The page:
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JUDGING DAIRY COWS ON A NEIGHBORING FARM. WHEN CLASSES ARE LARGE THEY MAY WORK IN SMALL

GROUPS WITH DIFFERENT ANIMALS. (H. N. LOOMIS.)

HOW TO TEACH
AGRICULTURE

A BOOK OF METHODS IN THIS SUBJECT

BY
ASHLEY V. STORM, PH.D.

PROFESSOR AND CHIEF OF THE DIVISION OF AGRICULTURAL EDUCA-
TION AND DIRECTOR OF SHORT COURSES, UNIVERSITY OF MINNESOTA

AND

KARY C. DAVIS, Ph.D.

KNAPP SCHOOL OF COUNTRY LIFE, GEORGE PEABODY COLLEGE FOR
TEACHERS; AUTHOR OF PRODUCTIVE FARMING, HORTICULTURE, ETC.

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COPYRIGHT, 1921, BY J. B. LIPPINCOTT COMPANY

326099

Electrolypod ind Printed by:J. B. Lippincott Company

,
At the Washington Square Press, Philadelphia, U. S. A.

PREFACE

The Introduction gives the reasons of the authors for preparing this book.

It is hoped that the book will be of real help to all those who are actually teaching as well as to those planning to do so and to those responsible for the supervision or administration of the teaching of agriculture. From beginning to end, it is planned as a teachers' book. It does not contain any treatment of agricultural subject matter or the facts of pure agriculture. It is intended for use in teacher training courses in colleges and normal schools, and any high schools offering such courses. It is also intended for every teacher who wishes to teach agriculture. Teachers' reading circles will find the book suited to their needs, if they wish to study the teaching of this subject.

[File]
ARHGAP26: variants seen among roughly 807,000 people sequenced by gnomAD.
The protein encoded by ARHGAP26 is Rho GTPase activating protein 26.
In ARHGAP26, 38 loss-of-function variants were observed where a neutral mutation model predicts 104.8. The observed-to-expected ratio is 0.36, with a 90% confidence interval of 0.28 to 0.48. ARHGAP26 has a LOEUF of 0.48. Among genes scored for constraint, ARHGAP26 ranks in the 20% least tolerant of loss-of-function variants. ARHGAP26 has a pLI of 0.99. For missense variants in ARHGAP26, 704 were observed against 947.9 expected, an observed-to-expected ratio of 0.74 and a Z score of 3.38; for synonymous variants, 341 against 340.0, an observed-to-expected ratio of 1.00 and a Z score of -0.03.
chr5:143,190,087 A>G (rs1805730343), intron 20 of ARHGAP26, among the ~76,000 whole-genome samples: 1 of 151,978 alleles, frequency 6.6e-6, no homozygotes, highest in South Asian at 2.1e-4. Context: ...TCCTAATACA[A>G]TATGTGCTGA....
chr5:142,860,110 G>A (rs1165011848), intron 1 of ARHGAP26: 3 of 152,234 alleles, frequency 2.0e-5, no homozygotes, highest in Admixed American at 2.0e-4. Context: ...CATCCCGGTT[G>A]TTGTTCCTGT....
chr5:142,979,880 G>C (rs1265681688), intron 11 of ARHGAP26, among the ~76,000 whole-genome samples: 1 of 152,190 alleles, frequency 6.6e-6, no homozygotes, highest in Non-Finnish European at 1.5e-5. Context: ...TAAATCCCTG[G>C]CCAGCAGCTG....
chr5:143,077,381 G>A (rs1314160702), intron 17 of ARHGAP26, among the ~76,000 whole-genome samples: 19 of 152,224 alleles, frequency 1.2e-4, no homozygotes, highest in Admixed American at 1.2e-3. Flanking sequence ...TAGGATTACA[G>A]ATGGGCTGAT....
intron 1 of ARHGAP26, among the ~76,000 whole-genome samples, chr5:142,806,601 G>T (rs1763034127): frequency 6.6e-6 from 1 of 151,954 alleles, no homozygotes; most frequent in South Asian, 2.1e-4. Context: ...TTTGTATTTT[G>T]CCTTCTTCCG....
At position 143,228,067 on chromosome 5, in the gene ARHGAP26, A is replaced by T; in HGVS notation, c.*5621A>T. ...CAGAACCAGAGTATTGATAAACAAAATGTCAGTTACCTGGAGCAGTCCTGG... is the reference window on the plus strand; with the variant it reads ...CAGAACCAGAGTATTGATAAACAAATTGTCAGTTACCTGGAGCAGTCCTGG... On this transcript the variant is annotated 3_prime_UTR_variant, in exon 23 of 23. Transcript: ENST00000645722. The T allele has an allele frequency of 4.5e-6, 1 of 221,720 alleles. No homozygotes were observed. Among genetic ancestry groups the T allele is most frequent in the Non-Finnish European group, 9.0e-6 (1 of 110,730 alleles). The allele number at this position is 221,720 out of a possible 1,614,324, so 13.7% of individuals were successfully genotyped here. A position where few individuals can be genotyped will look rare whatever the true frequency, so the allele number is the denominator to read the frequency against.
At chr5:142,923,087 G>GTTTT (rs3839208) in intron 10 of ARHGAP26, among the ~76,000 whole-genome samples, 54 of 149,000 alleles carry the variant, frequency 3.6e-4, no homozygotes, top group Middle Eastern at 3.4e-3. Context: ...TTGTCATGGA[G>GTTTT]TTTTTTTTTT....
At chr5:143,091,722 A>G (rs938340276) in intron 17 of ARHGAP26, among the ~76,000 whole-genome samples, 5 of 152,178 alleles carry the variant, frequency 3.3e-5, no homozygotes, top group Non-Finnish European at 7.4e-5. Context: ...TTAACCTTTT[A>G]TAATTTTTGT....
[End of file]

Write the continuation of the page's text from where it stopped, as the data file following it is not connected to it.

The book is free from long lists of subjects quoted from the tables of contents of books of agriculture. Neither does it contain such lists taken from the outlines so freely published by many state boards and departments of education. For such tables and lists, the user of this book is referred to the numerous texts on the subject matter of agriculture and the various state reports and official bulletins.

Acknowledgments. The illustrations have been furnished largely by teachers of vocational agriculture in the various states. Under the picture, usually, credit is given in each case, except those supplied by the authors.

To our own students, who have actively coöperated in supplying suggestions, materials, and the necessary inspiration for this book, we are extremely grateful. To Mrs. Fanny Waugh Davis and Mrs. Elizabeth Hayler Storm the authors join in expressing appreciation for valuable assistance in preparing the manuscript and reading proofs.

Several experts in special lines have read, criticized, and otherwise materially aided us in preparing certain chapters. Credit is due Frederick L. Griffin, of the University of California, for many valuable suggestions, and to John V. Ankeney, of the University of Minnesota, for aiding with the chapter on Charts, Slides, and Films; to Andrew Boss, of the University of Minnesota, for examining the manuscript of the chapter on How to Teach Farm Manage-
ment; to C. H. Lane, chief, Agricultural Education Service of
the Federal Board for Vocational Education, for examining and
criticizing the proofs.

Those who use the hook are urged to write to one of the authors

and give criticisms and suggestions for the further improvement

of it.

A. V. STORM

KARY C. DAVIS

JANUARY, 1921.

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